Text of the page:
When They’re Gone:
Examining the reasons why we grieve when celebrities pass on
By Cheyenne Sykes
Posted on November 28, 2017 at 12:04 PM PDT
Be silent in that solitude,
Which is not loneliness—for then
The spirits of the dead who stood
In life before thee are again
In death around thee—and their will
Shall overshadow thee: be still.
(Spirits of The Dead - Edgar Allan Poe)
Whether we knew them personally or not, we must all admit that celebrities have an impact on our lives. They make us feel and think through their works of art. The world remembers them for the contributions they made in their industry, whether it be music, film, television, or even politics.
Robin Williams, a master in the industry, made us laugh and made us cry through his many iconic performances. Musical giants like Michael Jackson, Prince, David Bowie and so many others, moved us with their songs. When celebrities pass on, they leave this world with their legacy and two question of why: why did they have to leave so soon? And why does it hurt so much?
Many of us can remember exactly where we were when we heard our favorite celebrity had died. For some, it feels like they have lost a member of their family. Usually it’s unexpected and difficult to comprehend what a life without that person would be like. In an interview with the Huffington Post's, David Kaplan, the Chief Professional Officer of the American Counseling Association, says: “These deaths also feel so personal because they resonate with us on a deeper, psychological level. We may grieve celebrities because our dream was to emulate their career path or because a celebrity death can also remind us of our mortality.”
Legendary actor and comedian Robin Williams, died in 2014. As a comedian, he made us laugh with his hilarious and sometimes vulgar language, but it was his performances in film and television that really made him stand out. “He had a deep soul and was a great guy. He was in a lot of shows and movies I watched and he really made me see life differently.” Many children from the 90s will remember him as the iconic voice of Genie in Disney’s “Aladdin.” Other generations will remember him for his notable, “Oh captain, my captain” role, in the film “Dead Poets Society.”
For many, Williams was a defining part of their childhood. One Redwood High School student in particular, Spencer J., felt a personal impact from William’s death. “Because I ‘grew up’ with him and because he went to the same high school as me.”
Just because you don’t know a celebrity personally, doesn't mean that you can’t feel the heartbreak when they leave. On many levels, we feel very connected to these people, whether they were from our hometown or their past somehow resonates with ours. ‘What’s Your Grief’ reporter, Dean Podestá, explained, “We feel connected to our favorite celebs. These connections are not just about how much we love, appreciate and respect these people, but sometimes because they remind us of, well, us. This can be as specific as their connection to a moment in our past, or as general as the fact that they are about our age or have something else in common to us.”
When kids are growing up, they look to the people around them for insight on how to live and to how to be unique. As one Dominican University student said, “People look up to celebrities as role models, as people they want to be like or be with. People feel as though they knew the celebrity personally. So when they die, it’s similar to the feeling of losing a loved one since they felt that they knew them so well.”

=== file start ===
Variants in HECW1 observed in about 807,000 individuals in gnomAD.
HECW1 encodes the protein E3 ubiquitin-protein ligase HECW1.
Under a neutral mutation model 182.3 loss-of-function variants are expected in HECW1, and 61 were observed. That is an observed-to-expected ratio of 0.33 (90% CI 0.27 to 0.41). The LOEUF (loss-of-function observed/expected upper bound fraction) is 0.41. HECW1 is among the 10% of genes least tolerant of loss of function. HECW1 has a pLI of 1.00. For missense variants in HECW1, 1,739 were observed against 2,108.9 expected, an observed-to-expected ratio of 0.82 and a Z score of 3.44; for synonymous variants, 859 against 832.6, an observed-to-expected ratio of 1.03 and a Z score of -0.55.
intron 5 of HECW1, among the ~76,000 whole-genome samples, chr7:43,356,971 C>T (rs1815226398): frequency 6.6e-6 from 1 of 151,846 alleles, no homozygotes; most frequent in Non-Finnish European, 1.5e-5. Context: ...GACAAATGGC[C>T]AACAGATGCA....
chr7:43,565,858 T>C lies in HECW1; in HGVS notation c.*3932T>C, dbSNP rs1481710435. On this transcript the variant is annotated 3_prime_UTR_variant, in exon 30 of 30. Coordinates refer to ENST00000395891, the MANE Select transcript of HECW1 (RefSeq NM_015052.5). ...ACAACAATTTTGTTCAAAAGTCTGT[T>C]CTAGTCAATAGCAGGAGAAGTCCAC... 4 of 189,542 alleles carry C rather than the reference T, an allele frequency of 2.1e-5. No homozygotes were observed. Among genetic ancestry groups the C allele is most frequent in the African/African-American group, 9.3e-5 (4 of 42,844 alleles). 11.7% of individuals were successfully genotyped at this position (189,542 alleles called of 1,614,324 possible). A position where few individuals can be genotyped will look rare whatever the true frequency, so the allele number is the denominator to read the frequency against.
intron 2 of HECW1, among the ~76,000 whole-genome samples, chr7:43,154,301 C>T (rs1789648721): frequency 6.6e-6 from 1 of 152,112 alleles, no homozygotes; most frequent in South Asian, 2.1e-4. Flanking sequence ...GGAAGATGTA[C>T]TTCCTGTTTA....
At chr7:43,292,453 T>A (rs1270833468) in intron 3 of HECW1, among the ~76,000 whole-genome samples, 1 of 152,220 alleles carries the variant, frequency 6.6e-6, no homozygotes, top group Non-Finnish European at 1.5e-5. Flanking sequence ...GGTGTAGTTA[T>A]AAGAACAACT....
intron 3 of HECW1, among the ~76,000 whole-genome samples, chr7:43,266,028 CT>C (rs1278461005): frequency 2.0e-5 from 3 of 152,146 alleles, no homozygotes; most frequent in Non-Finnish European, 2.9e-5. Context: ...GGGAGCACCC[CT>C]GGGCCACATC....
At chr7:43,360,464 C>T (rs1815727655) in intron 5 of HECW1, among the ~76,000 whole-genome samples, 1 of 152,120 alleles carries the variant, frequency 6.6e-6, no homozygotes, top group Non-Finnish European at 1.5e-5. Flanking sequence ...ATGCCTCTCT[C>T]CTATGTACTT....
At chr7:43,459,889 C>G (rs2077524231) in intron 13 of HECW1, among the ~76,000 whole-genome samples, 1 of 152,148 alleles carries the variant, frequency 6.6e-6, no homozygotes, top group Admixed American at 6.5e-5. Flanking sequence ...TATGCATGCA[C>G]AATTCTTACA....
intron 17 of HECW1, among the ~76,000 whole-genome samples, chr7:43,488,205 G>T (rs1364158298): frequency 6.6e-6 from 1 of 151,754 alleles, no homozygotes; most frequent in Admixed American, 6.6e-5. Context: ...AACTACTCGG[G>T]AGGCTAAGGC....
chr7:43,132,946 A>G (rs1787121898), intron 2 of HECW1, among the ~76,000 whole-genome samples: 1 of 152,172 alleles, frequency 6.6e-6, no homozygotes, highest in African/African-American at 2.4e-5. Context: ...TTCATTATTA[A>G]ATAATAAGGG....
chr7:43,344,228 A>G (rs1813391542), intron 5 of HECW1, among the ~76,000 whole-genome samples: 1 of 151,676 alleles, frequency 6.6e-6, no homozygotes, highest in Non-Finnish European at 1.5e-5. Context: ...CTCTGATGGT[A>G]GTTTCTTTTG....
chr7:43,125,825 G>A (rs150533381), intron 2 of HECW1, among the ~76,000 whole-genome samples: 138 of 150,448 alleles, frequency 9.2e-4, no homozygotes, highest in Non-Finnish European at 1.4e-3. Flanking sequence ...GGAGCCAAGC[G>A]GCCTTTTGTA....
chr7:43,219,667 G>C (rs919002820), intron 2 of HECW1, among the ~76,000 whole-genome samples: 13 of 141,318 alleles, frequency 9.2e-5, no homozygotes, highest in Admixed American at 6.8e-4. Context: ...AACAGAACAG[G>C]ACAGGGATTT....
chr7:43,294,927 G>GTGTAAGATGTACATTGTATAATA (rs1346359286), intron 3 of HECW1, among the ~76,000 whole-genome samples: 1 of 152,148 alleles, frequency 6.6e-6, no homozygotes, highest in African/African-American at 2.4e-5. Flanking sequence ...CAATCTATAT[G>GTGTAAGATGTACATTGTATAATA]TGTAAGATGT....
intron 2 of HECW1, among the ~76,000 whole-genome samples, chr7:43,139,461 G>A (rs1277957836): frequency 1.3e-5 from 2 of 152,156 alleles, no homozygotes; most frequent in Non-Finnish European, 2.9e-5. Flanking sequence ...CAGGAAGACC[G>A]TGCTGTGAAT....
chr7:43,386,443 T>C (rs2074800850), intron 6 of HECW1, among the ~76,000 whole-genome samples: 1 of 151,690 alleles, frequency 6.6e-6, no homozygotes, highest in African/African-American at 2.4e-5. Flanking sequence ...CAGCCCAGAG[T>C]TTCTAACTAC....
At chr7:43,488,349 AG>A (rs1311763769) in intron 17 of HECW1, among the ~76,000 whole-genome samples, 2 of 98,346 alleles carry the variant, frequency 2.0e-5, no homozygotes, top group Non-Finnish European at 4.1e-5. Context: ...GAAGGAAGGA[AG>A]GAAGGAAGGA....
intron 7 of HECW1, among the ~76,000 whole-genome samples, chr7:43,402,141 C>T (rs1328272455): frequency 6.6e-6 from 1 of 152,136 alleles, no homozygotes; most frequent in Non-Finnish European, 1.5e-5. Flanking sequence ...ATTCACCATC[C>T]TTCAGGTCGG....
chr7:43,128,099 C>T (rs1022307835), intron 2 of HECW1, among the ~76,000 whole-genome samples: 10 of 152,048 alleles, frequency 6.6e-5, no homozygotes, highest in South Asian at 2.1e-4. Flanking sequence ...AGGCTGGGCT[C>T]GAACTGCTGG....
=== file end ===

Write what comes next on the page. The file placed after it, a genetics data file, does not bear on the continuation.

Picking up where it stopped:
In 2016, the music industry took a huge hit from musicians’ deaths in 2016. So many greats died that year: David Bowie, Prince and George Michael just to name a few. With Prince’s death, the world paid tribute by lighting up national monuments with a purple hue. All around the world, people mourned the death of the beloved singer of “Purple Rain.” He left his mark, both with the music he made and with the lives he touched.
Music plays such an important role in each of our lives, as St. Margaret's High School football coach, Stephen B. commented, “I imagine that since music has so many overtones and people link songs to memories and when they die it sort of takes people back to when that song impacted their life…”
Many people feel as though there’s an empty feeling when their favorite musician dies. The thought that they will never again make music is disheartening, but makes people really appreciate what they gave to us when they were here.
When it comes to political figures, like Princess Diana, England was grieving for a woman who was, at the time of her death, technically not a member of the royal family. However, she was still an important figure, especially considering that she was the mother of Princes William and Harry. People were outraged that Queen Elizabeth or any of the other members of the Royal Family hadn’t said anything until five days after her death was announced. This caused the Queen to make, “her first live televised speech in nearly four decades.” This still didn’t make that empty feeling go away. Entertainment Weekly reports that Sir Elton John, a dear friend of Diana’s, played a modified version of “Candle In The Wind,” written originally for Marilyn Monroe. Reporter Maureen Lee Lenker reported that John “reworked the lyrics… to reflect Princess Diana’s life, changing ‘Goodbye Norma Jean’ to ‘Goodbye England’s Rose’ and adjusting the verses to speak to her charitable work. New lyrics spoke to the joy she brought England and the world, also noting how the nation would miss ‘the wings of [her] compassion...’”
“We'll carry on
And though you're dead and gone believe me
Your memory will carry on...”
My Chemical Romance